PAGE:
• Select deployment model: Resource Manager and click Create.
  • Give your VM some basic information: Name, User name, Authentication Type (SSH public key is my preference). Create a new resource group, I always use the same name as the VM and Location. I usually do the A1 Standard size.
  • Click ok to choose the defauls under Settings.
  • Click OK on summary and your VM will start deploying, this will take about 10-15 minutes to complete.
  • Once running, click the VM, Public Ip address/DNS name label, All Settings, Configuration, and give it a DNS name. I do this to not have to deal with IP addresses and use actual names.

At this point, I created a CustomScript Extension using this https://azure.microsoft.com/en-us/documentation/articles/virtual-machines-linux-script-lamp/ and http://tutsnare.com/how-to-install-laravel-on-ubuntu-lamp/ and http://tecadmin.net/install-laravel-framework-on-ubuntu/ This will install everything you need. The script is below. To run the script through the CLI you need to use this command: azure vm extension set -c "./public_config.json" <yourresourcegroup> <yourvm> CustomScriptForLinux Microsoft.OSTCExtensions 1.4
If you want to run the script manually, just SSH into your VM and go through every step below starting at "sudo apt-get -y".

  • SSH into your machine.
  • Instal composer: curl -sS https://getcomposer.org/installer | php
  • Move composer globally: sudo mv composer.phar /usr/local/bin/composer
  • Install Laravel: sudo composer create-project laravel/laravel /var/www/laravel 5.1.*
    • sudo mkdir laravel/app/storage
    • sudo chown -R www-data.www-data /var/www/laravel
    • sudo chmod -R 755 /var/www/laravel
    • sudo chmod -R 777 /var/www/laravel/app/storage
  • Create VirtualHost and use sample below: vim /etc/apache2/sites-available/yourhost.com.conf
  • Enable your site config: sudo a2ensite yourhost.com
  • Reload Apache: sudo service apache2 reload
  • Disable default site: sudo a2dissite 0000-default
  • Reload Apache: sudo service apache2 reload
  • Open VM firewall: sudo iptables -A INPUT -p tcp –dport 80 -j ACCEPT
  • Restart VM: sudo shutdown -r now
  • In Azure Portal Network Security Group find "inbound security rules" and add a rule for port 80.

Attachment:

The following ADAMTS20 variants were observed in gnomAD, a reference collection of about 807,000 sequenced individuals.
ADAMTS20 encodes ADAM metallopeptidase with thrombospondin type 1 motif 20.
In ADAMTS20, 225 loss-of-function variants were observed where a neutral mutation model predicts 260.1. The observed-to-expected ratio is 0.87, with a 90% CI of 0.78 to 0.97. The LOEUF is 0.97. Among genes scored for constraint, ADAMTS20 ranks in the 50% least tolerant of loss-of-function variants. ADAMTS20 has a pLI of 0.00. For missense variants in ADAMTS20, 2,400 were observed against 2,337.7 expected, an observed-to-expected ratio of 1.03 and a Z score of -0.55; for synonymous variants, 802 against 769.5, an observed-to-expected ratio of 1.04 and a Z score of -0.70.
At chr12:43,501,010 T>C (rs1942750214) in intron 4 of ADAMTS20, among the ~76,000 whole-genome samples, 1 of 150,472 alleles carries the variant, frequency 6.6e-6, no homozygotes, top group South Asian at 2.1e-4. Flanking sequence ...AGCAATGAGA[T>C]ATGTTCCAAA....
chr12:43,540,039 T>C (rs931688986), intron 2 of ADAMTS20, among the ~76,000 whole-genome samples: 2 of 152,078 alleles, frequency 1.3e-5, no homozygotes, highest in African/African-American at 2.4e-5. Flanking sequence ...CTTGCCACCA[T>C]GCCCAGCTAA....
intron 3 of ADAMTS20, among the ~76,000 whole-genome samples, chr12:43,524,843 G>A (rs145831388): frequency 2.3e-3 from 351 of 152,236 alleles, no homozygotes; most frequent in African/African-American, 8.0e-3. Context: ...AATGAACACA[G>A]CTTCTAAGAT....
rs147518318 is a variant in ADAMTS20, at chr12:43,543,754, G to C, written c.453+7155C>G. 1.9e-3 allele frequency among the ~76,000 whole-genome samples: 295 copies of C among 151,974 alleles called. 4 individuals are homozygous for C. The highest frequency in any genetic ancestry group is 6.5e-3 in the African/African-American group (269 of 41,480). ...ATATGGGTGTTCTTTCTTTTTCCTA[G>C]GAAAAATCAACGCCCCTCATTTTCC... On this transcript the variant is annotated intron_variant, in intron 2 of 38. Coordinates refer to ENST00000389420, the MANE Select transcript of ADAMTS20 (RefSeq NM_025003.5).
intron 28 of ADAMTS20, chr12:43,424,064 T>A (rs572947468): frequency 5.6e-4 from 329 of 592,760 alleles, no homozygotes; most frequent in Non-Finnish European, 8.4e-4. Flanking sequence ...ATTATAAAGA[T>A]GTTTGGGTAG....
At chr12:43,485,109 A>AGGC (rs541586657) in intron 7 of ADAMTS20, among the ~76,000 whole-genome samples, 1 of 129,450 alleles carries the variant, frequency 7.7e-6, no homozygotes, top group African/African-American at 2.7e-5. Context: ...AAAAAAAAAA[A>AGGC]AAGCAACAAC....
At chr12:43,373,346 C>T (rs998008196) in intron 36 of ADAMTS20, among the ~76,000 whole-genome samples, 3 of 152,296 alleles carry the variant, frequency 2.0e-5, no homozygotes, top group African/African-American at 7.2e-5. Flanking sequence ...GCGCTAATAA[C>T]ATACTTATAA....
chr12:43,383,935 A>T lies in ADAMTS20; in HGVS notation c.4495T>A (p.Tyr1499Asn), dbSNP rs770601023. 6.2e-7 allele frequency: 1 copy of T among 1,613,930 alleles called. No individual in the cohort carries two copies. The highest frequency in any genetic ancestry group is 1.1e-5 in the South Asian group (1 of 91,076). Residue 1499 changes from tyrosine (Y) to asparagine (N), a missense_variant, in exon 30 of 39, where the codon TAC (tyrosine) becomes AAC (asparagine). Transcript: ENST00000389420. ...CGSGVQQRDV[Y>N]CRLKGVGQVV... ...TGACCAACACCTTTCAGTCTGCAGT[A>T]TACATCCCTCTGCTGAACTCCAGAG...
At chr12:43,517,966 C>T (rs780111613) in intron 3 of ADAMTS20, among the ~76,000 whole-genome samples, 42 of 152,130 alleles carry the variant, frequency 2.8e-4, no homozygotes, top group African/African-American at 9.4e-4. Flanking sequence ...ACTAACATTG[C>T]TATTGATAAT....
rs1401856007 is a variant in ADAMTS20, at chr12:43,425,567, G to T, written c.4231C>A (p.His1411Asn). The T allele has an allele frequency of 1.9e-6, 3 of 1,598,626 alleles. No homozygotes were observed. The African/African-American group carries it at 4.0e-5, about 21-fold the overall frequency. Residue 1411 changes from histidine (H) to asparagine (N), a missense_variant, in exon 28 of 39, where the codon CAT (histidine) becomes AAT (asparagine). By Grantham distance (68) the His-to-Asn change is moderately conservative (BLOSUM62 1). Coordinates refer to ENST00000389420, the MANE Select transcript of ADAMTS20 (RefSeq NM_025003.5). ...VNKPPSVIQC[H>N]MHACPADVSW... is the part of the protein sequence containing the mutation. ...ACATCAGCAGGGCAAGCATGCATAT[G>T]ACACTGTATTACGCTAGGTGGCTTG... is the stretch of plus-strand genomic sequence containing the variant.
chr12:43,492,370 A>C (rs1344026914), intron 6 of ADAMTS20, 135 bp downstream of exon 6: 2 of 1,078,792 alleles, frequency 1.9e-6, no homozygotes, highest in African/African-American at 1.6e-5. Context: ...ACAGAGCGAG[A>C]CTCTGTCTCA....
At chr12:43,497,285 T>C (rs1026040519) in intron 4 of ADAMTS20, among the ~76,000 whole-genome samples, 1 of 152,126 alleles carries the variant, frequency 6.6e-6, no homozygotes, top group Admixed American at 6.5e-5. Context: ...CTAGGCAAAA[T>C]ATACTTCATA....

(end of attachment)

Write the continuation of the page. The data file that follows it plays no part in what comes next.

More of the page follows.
• Go to your http://yourhost.com Welcome!

Azure LAMP install script:
#!/bin/bash
# set up a silent install of MySQL
dbpass="YourPasswordHere"

export DEBIAN_FRONTEND=noninteractive
echo mysql-server-5.6 mysql-server/root_password password $dbpass | debconf-set-selections
echo mysql-server-5.6 mysql-server/root_password_again password $dbpass | debconf-set-selections

# install the LAMP stack
sudo apt-get -y install apache2 mysql-server php5 php5-mysql php5-curl

#install extensions
#installing json extension
sudo apt-get install php5-json
#installing unzip extension
sudo apt-get install unzip
#installing curl extension
sudo apt-get install curl
#installing openssl extension
sudo apt-get install openssl
#installing mcrypt extension
sudo apt-get install php5-mcrypt
#enable mcrypt extension
sudo php5enmod mcrypt
#installing git
sudo apt-get install -y git-core
#enable mod rewrite extension
sudo a2enmod rewrite

# write some PHP
echo \<center\>\<h1\>My Demo App\</h1\>\<br/\>\</center\> > /var/www/html/phpinfo.php
echo \<\?php phpinfo\(\)\; \?\> >> /var/www/html/phpinfo.php

# restart Apache
sudo apachectl restart

Yourhost.com.conf:
<VirtualHost *:80>
       
        ServerName laravel.example.com
        DocumentRoot /var/www/laravel/public

        <Directory />
                Options FollowSymLinks
                AllowOverride None
        </Directory>
        <Directory /var/www/laravel>
                AllowOverride All
        </Directory>

        ErrorLog ${APACHE_LOG_DIR}/error.log
        LogLevel warn
        CustomLog ${APACHE_LOG_DIR}/access.log combined
</VirtualHost>

For posterity.

This is case sensative.
public_config.json:{"fileUris":["/scripts/Laravel.sh"]’>/scripts/Laravel.sh"]’>/scripts/Laravel.sh"]’>https://<yourstorage>/scripts/Laravel.sh"], "commandToExecute":"sh Laravel.sh" }

Cisco UCS C240 M3 WebBIOS

January 17, 2016

Recently had a hard time figuring out how to get to the RAID confirugation tool in a C240 M3. No matter how much I put in Control-R or Control-V or any other convination I always ended up in EFI Shell.

EFI Shell

Well, the WebBIOS is actually right behind the EFI Shell. Just type “exit” and enjoy. Killed me. Sad smile

~david

Use of undefined constant CURL_HTTP_VERSION_1_1 – assumed ‘CURL_HTTP_VERSION_1_1’

August 29, 2015

I was getting this problem even though I did have curl installed. However, I forgot to restart apache.

To install curl:

apt-get install php5-curl

To restart Apache2:

service apache2 restart

 

~david